Sorting Algorithms II - Insertion Sort

As we covered in the last class, bubble sort is one of the most inefficient algorithms for sorting a list. This is for two reasons.

  1. Bubble sort has a time complexity of O(n^2) because it loops through n-k items in the list for n-1 passes. Multiply the number of passes O(n) by the number of iterations in each pass, also O(n), and you get O(n^2).
  2. Bubble sort behaves exactly the same way no matter whether the list is already fully or partly sorted. This means its best case time complexity and its worst case time complexity are both O(n^2).

The first reason is impossible to change without using a fundamentally different type of algorithm - i.e. one that doesn't rely on passes through the list. We'll cover different types of sorting algorithm in later classes. But the second reason is more promising. If we have a way to change bubble sort so that it performs fewer passes or iterations, then we might be able to reduce its time complexity.

Enter insertion sort. Insertion sort is an improved version of bubble sort which often runs with better time complexity.

1st Pass

Let's start with our array from last time.

Just like bubble sort, we'll compare the first two elements.

Since 9 is larger than 4, we swap them. Unlike bubble sort, we now start moving backwards through the array. Since we're already at the first element, this is the end of the first pass.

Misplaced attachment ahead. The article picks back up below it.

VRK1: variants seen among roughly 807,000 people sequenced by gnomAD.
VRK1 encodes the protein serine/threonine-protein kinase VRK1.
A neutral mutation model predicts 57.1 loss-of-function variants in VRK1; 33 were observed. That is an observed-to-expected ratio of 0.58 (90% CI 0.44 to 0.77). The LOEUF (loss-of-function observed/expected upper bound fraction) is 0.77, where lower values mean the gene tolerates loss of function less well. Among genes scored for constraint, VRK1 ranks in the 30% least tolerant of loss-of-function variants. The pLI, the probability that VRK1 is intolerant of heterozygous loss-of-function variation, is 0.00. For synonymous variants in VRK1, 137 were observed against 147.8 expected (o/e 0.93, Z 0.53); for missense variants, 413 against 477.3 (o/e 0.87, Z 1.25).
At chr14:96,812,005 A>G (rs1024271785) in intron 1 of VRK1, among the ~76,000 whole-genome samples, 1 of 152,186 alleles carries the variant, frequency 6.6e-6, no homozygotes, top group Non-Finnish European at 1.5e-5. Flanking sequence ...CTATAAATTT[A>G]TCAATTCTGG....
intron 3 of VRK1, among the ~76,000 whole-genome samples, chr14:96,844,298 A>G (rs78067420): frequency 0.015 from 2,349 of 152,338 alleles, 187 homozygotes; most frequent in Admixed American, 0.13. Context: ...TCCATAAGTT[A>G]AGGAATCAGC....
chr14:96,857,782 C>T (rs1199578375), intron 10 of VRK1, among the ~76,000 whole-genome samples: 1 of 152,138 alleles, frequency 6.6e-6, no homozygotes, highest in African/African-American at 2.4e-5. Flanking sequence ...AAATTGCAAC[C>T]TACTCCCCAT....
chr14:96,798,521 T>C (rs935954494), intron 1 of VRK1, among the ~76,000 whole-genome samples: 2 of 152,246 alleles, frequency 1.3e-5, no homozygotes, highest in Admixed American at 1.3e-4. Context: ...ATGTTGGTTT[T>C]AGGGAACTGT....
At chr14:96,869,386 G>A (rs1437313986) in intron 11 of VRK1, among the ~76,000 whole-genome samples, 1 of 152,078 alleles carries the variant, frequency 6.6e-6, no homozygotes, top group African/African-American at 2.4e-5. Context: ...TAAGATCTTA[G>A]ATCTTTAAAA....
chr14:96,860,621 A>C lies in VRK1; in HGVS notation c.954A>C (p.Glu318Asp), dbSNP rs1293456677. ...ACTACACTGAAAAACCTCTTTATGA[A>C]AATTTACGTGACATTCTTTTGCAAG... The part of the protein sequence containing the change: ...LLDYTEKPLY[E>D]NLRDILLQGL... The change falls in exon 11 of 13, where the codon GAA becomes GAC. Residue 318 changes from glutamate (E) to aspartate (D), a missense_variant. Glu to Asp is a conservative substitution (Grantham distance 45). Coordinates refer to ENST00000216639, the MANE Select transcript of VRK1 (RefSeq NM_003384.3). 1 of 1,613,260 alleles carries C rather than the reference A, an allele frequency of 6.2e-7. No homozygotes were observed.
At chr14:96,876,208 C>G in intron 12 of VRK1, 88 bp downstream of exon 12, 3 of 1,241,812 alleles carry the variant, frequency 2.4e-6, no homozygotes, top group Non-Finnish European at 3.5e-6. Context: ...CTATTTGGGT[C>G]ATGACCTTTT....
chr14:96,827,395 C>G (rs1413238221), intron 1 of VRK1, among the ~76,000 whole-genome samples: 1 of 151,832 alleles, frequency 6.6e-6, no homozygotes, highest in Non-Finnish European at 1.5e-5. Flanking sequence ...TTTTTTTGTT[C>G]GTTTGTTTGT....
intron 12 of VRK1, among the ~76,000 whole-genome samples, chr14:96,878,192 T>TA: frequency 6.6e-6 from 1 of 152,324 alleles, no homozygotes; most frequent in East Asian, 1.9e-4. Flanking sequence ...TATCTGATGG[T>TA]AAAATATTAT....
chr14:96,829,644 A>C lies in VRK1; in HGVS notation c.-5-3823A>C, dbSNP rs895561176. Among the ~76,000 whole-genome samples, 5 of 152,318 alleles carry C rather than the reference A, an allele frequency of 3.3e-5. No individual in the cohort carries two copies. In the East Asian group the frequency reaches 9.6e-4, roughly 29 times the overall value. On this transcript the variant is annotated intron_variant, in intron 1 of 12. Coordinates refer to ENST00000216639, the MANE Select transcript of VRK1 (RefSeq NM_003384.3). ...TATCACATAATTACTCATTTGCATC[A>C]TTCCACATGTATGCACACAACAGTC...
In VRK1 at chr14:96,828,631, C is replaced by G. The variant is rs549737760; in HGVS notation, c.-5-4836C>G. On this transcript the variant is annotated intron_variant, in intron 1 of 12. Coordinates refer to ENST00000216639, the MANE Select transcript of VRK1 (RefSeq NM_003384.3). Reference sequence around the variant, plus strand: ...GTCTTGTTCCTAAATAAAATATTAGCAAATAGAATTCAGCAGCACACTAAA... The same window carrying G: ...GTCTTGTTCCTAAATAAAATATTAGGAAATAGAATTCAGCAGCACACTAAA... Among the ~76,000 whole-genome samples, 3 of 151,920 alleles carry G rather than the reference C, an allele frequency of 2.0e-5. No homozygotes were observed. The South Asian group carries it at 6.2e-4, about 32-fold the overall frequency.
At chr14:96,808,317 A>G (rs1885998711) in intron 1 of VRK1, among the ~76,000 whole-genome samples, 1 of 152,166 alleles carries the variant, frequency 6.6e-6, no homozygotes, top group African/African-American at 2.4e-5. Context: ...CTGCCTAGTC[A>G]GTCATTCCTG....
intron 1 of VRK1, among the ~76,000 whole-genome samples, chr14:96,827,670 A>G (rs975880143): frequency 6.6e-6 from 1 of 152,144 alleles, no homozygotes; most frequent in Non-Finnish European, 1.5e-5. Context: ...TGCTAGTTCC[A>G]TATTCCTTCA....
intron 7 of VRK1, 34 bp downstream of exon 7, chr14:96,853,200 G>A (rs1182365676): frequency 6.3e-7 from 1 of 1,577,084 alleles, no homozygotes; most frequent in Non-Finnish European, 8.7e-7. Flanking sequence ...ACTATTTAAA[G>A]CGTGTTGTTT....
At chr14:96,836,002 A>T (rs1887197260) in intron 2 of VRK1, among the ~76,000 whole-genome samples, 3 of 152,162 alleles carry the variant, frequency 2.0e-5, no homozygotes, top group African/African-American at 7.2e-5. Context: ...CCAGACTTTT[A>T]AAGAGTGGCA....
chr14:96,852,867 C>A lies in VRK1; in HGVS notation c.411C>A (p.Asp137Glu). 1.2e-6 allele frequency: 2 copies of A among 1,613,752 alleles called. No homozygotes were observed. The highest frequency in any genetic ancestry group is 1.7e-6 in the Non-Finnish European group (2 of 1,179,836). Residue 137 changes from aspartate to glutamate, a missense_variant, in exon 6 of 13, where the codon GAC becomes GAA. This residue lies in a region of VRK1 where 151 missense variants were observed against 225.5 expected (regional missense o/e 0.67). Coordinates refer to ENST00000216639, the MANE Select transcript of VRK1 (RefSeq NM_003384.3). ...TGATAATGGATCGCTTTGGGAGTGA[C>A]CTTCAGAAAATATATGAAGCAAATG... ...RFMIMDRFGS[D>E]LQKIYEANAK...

2nd Pass

3rd Pass

Because 7 is already greater than 4, we finish this pass early. This is what makes insertion sort more efficient than bubble sort.

4th Pass

Unfortunately, 1 is the smallest number in the array, so this final pass is exactly the same as a full bubble sort.


  1. Using index cards, post-it notes, or an app like Excalidraw, perform an insertion sort over the following lists:
    1. [1,2,3,4,5]
    2. [5,4,3,2,1]
  2. What is the best-case time complexity of insertion sort? What's the worst case? When do each of these happen?
  3. The most popular sorting algorithms in real-world use cases run in O(nlogn) time. However, insertion sort is still widely used as a component of more complex, compound sorting algorithms. Can you think of a reason why this might be?


  1. Write insertion sort in your language of choice, making use of the algorithm outlined above.
  2. Run both insertion sort and bubble sort across the following and record the real runtime using a tool like time. What do you notice?
    1. A list of 10000 elements in ascending order (i.e. already sorted).
    2. A list of 10000 elements in reverse order.
  3. Random lists of 10, 100, 10000, and 1 million elements.

Answers to Questions

  1. Practice exercise.
  2. The best-case time complexity of insertion sort is O(n), which happens when the list is fully sorted. The worst case is O(n^2) which happens when the list is in reverse order, causing insertion sort to degenerate into bubble sort.
  3. Because the best-case time complexity of insertion sort is O(n), it's better than the most efficient competitors in cases where a list is already mostly or partly ordered. This is most likely to happen in lists with a small number of items. Therefore, insertion sort is often used to sort small lists when included as part of a compound sorting algorithm.